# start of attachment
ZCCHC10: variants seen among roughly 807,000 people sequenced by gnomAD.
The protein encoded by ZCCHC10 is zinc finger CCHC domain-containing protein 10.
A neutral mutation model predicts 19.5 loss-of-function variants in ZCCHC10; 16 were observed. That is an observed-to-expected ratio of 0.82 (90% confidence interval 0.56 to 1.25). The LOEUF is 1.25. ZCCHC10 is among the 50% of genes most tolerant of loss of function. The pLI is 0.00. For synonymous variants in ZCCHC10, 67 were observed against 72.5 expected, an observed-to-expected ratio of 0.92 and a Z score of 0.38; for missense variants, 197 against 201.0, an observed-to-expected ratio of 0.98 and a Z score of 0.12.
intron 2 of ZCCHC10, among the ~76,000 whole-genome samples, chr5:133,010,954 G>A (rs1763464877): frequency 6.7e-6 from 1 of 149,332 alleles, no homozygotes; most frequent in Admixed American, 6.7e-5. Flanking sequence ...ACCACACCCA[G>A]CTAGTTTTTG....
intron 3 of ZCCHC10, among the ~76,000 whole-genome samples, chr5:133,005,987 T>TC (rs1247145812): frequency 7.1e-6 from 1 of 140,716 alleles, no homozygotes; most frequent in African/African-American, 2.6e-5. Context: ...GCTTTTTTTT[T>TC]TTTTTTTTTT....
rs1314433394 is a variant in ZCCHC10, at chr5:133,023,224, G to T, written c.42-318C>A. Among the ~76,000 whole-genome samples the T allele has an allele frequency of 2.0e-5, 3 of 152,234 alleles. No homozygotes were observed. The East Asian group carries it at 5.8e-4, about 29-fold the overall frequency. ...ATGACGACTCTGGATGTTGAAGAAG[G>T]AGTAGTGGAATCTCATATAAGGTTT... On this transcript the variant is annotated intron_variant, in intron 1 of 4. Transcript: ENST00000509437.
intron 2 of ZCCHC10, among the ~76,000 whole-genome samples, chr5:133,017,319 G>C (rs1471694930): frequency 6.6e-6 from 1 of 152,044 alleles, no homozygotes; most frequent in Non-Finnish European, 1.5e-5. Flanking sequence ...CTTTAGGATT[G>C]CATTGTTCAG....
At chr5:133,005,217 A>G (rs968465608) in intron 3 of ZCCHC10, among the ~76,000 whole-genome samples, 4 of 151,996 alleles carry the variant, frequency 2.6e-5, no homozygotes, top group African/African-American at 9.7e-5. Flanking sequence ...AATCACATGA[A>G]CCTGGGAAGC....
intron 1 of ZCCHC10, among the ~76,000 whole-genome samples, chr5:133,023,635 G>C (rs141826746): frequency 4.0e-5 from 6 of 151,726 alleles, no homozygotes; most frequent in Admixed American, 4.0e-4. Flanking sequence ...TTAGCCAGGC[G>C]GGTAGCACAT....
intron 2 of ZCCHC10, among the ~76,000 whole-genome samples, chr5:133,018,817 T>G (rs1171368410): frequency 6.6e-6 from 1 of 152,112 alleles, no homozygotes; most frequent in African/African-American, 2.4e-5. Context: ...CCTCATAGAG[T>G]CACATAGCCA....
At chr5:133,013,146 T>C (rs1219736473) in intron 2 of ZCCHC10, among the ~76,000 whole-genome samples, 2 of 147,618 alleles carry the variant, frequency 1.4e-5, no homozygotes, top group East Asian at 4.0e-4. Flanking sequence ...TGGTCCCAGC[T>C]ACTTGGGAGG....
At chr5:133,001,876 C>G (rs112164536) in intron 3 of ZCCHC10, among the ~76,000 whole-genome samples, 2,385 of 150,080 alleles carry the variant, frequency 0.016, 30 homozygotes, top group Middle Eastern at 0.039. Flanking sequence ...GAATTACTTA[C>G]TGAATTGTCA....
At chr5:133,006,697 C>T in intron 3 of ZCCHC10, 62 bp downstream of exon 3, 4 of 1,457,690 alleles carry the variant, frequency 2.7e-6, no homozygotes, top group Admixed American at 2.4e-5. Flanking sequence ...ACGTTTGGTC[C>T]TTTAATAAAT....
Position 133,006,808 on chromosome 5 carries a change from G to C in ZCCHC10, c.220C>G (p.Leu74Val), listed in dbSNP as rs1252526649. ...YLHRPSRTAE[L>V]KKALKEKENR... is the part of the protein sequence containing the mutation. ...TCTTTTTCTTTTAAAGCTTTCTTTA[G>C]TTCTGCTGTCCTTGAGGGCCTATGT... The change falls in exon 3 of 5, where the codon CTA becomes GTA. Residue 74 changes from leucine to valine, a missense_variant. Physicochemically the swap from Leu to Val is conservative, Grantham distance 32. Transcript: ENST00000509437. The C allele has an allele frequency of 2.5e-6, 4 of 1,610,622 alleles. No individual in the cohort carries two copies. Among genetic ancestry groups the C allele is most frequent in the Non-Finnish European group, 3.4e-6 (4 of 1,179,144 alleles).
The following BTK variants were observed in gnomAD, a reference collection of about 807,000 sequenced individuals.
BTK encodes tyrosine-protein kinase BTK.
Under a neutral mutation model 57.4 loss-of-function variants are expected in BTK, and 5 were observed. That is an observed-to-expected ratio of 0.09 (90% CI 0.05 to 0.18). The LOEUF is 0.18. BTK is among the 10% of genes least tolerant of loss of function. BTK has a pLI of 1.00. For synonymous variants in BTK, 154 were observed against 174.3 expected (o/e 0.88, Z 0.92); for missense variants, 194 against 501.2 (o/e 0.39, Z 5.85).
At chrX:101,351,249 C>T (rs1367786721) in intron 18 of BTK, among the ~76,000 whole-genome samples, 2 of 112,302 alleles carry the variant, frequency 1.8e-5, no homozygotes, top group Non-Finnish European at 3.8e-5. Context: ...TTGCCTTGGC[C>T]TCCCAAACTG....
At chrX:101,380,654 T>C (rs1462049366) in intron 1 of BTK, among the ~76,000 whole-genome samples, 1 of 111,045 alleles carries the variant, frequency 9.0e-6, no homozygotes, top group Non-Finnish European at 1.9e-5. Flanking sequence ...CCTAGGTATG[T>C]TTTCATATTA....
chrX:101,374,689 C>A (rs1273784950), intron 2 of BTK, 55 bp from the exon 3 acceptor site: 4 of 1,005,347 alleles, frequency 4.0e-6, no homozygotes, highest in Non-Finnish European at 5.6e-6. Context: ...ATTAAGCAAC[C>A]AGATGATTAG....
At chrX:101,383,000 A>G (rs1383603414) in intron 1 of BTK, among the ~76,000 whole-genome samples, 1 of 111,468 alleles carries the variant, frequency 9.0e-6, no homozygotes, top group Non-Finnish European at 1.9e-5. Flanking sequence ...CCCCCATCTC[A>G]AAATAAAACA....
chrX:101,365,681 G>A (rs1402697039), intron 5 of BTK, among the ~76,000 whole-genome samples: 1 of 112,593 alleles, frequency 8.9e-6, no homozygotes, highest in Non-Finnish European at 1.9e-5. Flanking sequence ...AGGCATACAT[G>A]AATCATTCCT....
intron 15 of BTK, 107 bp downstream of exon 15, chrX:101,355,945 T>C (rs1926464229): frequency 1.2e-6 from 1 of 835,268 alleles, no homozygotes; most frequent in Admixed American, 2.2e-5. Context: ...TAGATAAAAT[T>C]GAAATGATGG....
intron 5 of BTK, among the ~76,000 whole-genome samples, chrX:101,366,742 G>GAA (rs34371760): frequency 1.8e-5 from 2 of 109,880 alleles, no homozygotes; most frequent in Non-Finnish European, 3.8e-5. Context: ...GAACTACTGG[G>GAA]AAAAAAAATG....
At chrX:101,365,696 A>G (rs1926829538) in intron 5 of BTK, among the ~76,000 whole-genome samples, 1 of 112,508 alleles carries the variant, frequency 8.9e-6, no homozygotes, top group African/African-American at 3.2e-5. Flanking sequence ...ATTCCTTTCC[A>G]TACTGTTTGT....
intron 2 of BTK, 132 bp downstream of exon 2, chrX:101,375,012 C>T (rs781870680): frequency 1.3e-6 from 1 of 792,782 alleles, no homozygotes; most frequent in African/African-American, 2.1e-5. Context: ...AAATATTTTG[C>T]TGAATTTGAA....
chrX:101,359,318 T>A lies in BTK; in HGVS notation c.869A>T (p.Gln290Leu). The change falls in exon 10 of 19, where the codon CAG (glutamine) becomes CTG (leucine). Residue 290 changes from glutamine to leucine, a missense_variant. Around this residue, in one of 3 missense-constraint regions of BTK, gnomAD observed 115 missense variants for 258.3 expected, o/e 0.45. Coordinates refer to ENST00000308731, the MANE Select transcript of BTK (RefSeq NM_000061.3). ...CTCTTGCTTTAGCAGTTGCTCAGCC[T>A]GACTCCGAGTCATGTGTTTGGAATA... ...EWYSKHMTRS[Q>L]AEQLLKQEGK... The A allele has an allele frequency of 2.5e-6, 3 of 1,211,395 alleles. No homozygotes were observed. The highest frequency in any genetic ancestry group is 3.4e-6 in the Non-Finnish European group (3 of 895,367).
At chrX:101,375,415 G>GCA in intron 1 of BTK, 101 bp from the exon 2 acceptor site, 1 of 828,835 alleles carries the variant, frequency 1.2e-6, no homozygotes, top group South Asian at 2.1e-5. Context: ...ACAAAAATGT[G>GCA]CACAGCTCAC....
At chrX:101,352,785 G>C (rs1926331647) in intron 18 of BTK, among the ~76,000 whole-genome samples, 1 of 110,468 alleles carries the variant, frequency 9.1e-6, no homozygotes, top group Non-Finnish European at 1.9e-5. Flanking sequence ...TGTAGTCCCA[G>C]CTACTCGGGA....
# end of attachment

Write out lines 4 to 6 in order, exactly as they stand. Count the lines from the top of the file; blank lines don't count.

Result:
intron 2 of ZCCHC10, among the ~76,000 whole-genome samples, chr5:133,010,954 G>A (rs1763464877): frequency 6.7e-6 from 1 of 149,332 alleles, no homozygotes; most frequent in Admixed American, 6.7e-5. Flanking sequence ...ACCACACCCA[G>A]CTAGTTTTTG....
intron 3 of ZCCHC10, among the ~76,000 whole-genome samples, chr5:133,005,987 T>TC (rs1247145812): frequency 7.1e-6 from 1 of 140,716 alleles, no homozygotes; most frequent in African/African-American, 2.6e-5. Context: ...GCTTTTTTTT[T>TC]TTTTTTTTTT....
rs1314433394 is a variant in ZCCHC10, at chr5:133,023,224, G to T, written c.42-318C>A. Among the ~76,000 whole-genome samples the T allele has an allele frequency of 2.0e-5, 3 of 152,234 alleles. No homozygotes were observed. The East Asian group carries it at 5.8e-4, about 29-fold the overall frequency. ...ATGACGACTCTGGATGTTGAAGAAG[G>T]AGTAGTGGAATCTCATATAAGGTTT... On this transcript the variant is annotated intron_variant, in intron 1 of 4. Transcript: ENST00000509437.